T-Box & Parallel Parking:


    The T-Box fairly straightforward drill, you drive into the box towards the left side… then back-up… and drive out of the box. This drill again worked with Rear End Cheat and Front End Swing. Same concepts as the other drills, just keep to the outside when going forward and the inside when backing-up.

    Parallel Parking is just what it sounds like. I was really surprised how well I did with this given my complete lack of experience with parallel parking. The first run I did back into the cone (car) at the rear of the space, but once I learned where the trunk of the car was I did fine. By the second run I was feeling quite confident. Now, don’t ask me to parallel park in San Francisco, on a hill, on the wrong side of the street!



    This drill had us driving into one ‘driveway’ then backing into another. The driveways were very narrow, so you had to be very good with the car control. The neat part was the idea of ‘getting ahead’ when backing in by turning away from the driveway, ‘pointing’ the rear of the car where you wanted to go. Yes, it sounds simple… but I know it will help me backing into parking spaces (like at G8 Meets).


    Slalom Course (Forward & Reverse):

    Head down going from one side to the next… then come back and do it again backwards.


    Going forwards was a no-brainer (for me), even did it without needing to touch the brakes (I kept going back for more throttle). Backing-up was quite a bit harder (and like before there was a huge line). I found that while I was able to make the turns towards the passenger’s side, it was seeing the driver’s side cones that rough. A real pain in the neck, literally. The idea for backing-up is to start your turn when the cone was blocked by the C-Pillar (winshield = A, door = B, rear window = C), which puts it right by the rear axle. You also want to turn the wheel quickly and make zig-zags, rather than wider archs. The first run I did OK, but had a tough time picking-up the last few cones… but I didn’t hit anything. The second and third runs went much smoother (didn’t even need to touch the brakes).


    Skid Pad:

    They saved the best for last! There were two police cruisers with slick (bald) tires on the rear. This allowed for very little traction on the rear end… and the chance to do some slide recovery drills. The instructor described what he wanted us to do (which was totally unclear) and then demonstrated it (made it clear). We were to drive a ‘belt tightened’ oval, oversteering when making the Turns.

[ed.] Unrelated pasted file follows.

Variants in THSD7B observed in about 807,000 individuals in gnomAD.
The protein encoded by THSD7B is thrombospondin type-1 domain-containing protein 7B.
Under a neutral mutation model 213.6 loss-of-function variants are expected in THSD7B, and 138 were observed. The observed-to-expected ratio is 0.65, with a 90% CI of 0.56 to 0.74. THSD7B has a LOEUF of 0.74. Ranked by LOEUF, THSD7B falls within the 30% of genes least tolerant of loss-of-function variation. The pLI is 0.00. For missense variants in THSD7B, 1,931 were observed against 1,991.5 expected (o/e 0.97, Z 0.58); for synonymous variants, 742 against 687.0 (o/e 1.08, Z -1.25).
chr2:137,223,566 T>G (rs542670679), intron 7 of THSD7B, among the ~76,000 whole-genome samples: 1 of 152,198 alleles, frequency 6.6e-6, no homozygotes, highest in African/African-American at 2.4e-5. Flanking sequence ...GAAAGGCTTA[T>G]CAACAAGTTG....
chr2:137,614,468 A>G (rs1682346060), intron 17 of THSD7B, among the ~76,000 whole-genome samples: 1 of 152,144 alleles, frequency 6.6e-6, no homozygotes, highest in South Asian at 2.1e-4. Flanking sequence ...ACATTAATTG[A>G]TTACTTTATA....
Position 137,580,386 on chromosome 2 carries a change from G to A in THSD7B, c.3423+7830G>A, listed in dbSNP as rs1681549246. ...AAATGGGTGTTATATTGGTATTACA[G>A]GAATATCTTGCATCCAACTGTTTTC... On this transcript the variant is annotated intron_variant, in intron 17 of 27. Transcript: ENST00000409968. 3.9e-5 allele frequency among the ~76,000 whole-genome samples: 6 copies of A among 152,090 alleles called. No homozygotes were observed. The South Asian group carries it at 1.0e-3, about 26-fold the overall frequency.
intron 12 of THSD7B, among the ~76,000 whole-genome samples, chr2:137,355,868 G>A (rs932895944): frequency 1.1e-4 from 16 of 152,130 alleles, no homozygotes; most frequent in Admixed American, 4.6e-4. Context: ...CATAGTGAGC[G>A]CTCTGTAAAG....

I was one of the first two people to take the course (two at a time). We also had a passenger (for the first time of the day), making things quite a bit more ‘stressful’. So, first trip around the turn and what do I do? Totally loop it… almost a 360… with no control what-so-ever. I felt really bad for my passenger, but she did well. After a few laps I started to get a much better feel for the car and what is needed to get around the corners smoothly. Like the instructor said, “Dance with the car”. I did make the mistake to not look where I wanted to go, and not just out the windshield (with no regard to where the car was going). I had several runs where I did the entire turn in a smooth ‘drift’.

    Half way though our 10 minutes on the skid pad we reversed direction on the course (from clockwise to counter-clockwise). This worked much better for me, as I could pass the inside cones very close to the driver’s side door without the risk of hitting them. Sadly, my time behind the wheel was up quickly (despite being given an extra 5 minutes).

    Now, I’m a terrible passenger when driving on the roads… and now I had to be a passenger inside a car on a skid pad! Turns out it wasn’t too bad. Maybe it was because I was helping guide/instruct… rather than stomp on an imaginary brake peddle! The person I was with had a hard time keeping up speed going into the corners, so wasn’t getting totally though them… but it got much better towards the end of her time.

    So I was done driving, but one of the other students (who was having some difficulties throughout the day) needed a passenger. I guess I made a good impression on the instructor because he asked me to ride with her and give her some instructions/tips as we went around. Unfortunately the driver wasn’t being aggressive enough with the throttle, so was entering the corners too slow and not giving enough throttle to induce oversteer (despite me shouting “GAS, GAS, GAS!”). The one time she looped the rear I congratulated her and encouraged her to do it again. The instructor took over in-car, but it didn’t seem to make much difference.



    The course was over and we had a quick de-brief. I know that I did most of the exercises without any problems, but it’s always good to get this sort of experience in a controlled environment. I know I hit a few cones, which if it was “the real world” would have been curbs or cars, so I’m glad it was just a course and not the G8 GT.
    The biggest thing I need to work on is shuffle steering. The instructors tried to get it across that activities like steering are habit, and it will take time to break bad ones. When I drove home I made sure that I practiced shuffle steering. I will try to do the same in the future, but it will be interesting to see how it works on some of my more ‘spirited’ drives.
    Overall I think the course was very worth while. I only wish there was an ‘advanced’ civilian EVOC course… or at least something that would get me back on the skid pad for some more oversteer driving.